USMLE

Vitamin B3 (Niacin) Biochemistry

46,610 views
Vitamins
  1. Vitamin B1 (Thiamine) Biochemistry
  2. Vitamin B1 (Thiamine) Deficiency
  3. Vitamin B2 (Riboflavin)
  4. Vitamin B3 (Niacin) Biochemistry
  5. Vitamin B3 (Niacin) Deficiency and Excess
  6. Hartnup Disease
  7. Vitamin B5 (Pantothenic Acid)
  8. Vitamin B6 (Pyridoxine)
  9. Vitamin B7 (Biotin)
  10. Vitamin B9 (Folate)
  11. Vitamin B12 (Cobalamin) Biochemistry
  12. Vitamins B9 and B12 Deficiencies
  13. Vitamin A (Retinol) Biochemistry
  14. Vitamin A (Retinol) Deficiency and Excess
  15. Vitamin C (Ascorbic Acid) Biochemistry
  16. Vitamin C (Ascorbic Acid) Deficiency and Excess
  17. Vitamin D Biochemistry
  18. Vitamin D Deficiency and Excess
  19. Vitamin E (Tocopherol/Tocotrienol)
  20. Vitamin K Biochemistry
  21. Vitamin K Deficiency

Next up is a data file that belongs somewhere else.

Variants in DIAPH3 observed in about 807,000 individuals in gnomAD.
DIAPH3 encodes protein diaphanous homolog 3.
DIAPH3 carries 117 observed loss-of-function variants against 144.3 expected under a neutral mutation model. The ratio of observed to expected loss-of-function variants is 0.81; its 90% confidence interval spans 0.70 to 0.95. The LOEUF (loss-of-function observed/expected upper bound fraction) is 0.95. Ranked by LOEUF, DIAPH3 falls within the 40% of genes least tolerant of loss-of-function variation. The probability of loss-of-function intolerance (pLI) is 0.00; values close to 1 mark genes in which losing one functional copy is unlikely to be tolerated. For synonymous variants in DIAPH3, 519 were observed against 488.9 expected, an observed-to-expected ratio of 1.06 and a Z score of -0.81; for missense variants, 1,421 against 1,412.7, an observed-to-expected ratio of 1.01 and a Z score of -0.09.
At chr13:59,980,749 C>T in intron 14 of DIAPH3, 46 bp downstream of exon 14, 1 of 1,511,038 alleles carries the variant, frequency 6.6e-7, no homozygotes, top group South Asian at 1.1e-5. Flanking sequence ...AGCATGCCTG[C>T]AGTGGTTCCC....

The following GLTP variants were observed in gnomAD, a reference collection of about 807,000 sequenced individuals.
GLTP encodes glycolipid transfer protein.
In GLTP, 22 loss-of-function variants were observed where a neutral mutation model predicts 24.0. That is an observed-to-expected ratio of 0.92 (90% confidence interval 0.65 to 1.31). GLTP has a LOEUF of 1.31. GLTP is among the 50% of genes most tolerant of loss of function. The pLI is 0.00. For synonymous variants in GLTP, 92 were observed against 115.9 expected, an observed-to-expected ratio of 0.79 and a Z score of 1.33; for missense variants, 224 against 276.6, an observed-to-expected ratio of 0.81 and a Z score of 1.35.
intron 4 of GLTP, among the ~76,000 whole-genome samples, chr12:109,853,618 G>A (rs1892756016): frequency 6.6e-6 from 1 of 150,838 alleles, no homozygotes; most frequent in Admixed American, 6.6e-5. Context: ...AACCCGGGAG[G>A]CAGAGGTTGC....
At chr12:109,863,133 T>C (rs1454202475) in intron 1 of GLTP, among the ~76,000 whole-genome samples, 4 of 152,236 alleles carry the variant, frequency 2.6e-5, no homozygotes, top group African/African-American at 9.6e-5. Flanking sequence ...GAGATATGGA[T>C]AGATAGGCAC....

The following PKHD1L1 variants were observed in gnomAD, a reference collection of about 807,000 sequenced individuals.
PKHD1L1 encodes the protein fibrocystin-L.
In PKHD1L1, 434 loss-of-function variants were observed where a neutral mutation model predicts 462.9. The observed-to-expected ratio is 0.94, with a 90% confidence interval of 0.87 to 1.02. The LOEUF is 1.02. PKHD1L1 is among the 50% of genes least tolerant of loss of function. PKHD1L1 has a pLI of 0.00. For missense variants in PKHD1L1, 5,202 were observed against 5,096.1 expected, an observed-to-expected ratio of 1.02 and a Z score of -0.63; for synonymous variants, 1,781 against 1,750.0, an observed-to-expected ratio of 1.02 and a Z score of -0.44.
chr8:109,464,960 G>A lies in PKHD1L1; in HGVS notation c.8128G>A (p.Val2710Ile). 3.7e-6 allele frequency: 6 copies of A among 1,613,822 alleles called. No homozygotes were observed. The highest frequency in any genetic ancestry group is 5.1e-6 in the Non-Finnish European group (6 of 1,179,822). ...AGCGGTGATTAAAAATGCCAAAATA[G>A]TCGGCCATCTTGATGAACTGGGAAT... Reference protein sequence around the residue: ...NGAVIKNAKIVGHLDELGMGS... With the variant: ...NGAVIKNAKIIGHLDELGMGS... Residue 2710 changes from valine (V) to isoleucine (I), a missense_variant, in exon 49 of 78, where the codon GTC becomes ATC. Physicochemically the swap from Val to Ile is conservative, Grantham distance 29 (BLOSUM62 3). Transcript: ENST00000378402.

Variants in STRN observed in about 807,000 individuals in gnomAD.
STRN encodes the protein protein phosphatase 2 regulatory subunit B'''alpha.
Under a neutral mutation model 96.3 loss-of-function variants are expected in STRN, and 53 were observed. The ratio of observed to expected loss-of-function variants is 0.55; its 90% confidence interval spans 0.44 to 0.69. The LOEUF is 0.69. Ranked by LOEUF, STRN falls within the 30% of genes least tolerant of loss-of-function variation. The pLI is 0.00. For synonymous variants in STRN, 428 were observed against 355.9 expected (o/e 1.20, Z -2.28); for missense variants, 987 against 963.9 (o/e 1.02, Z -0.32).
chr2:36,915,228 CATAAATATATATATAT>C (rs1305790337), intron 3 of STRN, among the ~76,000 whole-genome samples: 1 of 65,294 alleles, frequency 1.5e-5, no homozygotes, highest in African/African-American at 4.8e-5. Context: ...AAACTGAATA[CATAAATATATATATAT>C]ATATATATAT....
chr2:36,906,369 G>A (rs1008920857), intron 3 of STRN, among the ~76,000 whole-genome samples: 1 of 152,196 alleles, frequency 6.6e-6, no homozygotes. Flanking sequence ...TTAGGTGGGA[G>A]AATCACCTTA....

22. Zinc
  23. Kwashiorkor and Marasmus

Summary

Vitamin B3 (Niacin) is a water-soluble vitamin which serves a key role as a precursor of the coenzymes NAD (nicotinamide adenine dinucleotide) and NADP (nicotinamide adenine dinucleotide phosphate). Found in foods, niacin is also used pharmacologically as a treatment for lipid disorders, specifically for its ability to raise HDL ("good" cholesterol) and lower VLDL and LDL ("bad" cholesterols). The synthesis of niacin requires a number of factors, including tryptophan, Vitamin B2 (Riboflavin), and Vitamin B6 (Pyridoxine).


Key Points

  • Vitamin B3 (Niacin)
    • Constituent of NAD+ and NADP+ (used in redox reactions)
    • Synthesis requires tryptophan, Vitamin B2 and Vitamin B6
    • Used to treat dyslipidemia
      • Raises HDL levels
      • Lowers VLDL, triglyceride, LDL levels
        • Decreases hepatic production of VLDL, triglyceride release from adipose tissue, and decreases conversion VLDL to LDL


Find Niacin Biochemistry and other Vitamins among Pixorize's visual mnemonics for the USMLE Step 1 and NBME shelf exams.